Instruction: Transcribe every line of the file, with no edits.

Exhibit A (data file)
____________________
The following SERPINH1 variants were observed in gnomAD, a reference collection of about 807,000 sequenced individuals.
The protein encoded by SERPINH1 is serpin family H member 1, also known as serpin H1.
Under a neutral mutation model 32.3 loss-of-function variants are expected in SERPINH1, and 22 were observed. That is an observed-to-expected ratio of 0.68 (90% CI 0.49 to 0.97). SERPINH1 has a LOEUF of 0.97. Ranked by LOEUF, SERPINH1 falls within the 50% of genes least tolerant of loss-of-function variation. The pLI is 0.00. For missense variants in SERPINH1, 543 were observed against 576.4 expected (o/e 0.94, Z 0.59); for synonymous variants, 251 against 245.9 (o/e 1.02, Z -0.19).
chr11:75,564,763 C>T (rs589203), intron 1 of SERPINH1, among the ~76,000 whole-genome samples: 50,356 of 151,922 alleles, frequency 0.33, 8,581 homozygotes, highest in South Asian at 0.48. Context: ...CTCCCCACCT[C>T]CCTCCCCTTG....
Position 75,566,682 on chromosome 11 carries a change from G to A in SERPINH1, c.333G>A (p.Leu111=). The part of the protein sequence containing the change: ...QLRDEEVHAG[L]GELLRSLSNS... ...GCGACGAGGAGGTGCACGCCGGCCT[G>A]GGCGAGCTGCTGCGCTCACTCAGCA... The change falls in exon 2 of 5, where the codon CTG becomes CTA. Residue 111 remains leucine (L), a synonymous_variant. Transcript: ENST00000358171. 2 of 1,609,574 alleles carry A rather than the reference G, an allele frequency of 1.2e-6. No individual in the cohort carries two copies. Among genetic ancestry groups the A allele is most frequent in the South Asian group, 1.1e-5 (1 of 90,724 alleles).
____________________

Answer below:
The following SERPINH1 variants were observed in gnomAD, a reference collection of about 807,000 sequenced individuals.
The protein encoded by SERPINH1 is serpin family H member 1, also known as serpin H1.
Under a neutral mutation model 32.3 loss-of-function variants are expected in SERPINH1, and 22 were observed. That is an observed-to-expected ratio of 0.68 (90% CI 0.49 to 0.97). SERPINH1 has a LOEUF of 0.97. Ranked by LOEUF, SERPINH1 falls within the 50% of genes least tolerant of loss-of-function variation. The pLI is 0.00. For missense variants in SERPINH1, 543 were observed against 576.4 expected (o/e 0.94, Z 0.59); for synonymous variants, 251 against 245.9 (o/e 1.02, Z -0.19).
chr11:75,564,763 C>T (rs589203), intron 1 of SERPINH1, among the ~76,000 whole-genome samples: 50,356 of 151,922 alleles, frequency 0.33, 8,581 homozygotes, highest in South Asian at 0.48. Context: ...CTCCCCACCT[C>T]CCTCCCCTTG....
Position 75,566,682 on chromosome 11 carries a change from G to A in SERPINH1, c.333G>A (p.Leu111=). The part of the protein sequence containing the change: ...QLRDEEVHAG[L]GELLRSLSNS... ...GCGACGAGGAGGTGCACGCCGGCCT[G>A]GGCGAGCTGCTGCGCTCACTCAGCA... The change falls in exon 2 of 5, where the codon CTG becomes CTA. Residue 111 remains leucine (L), a synonymous_variant. Transcript: ENST00000358171. 2 of 1,609,574 alleles carry A rather than the reference G, an allele frequency of 1.2e-6. No individual in the cohort carries two copies. Among genetic ancestry groups the A allele is most frequent in the South Asian group, 1.1e-5 (1 of 90,724 alleles).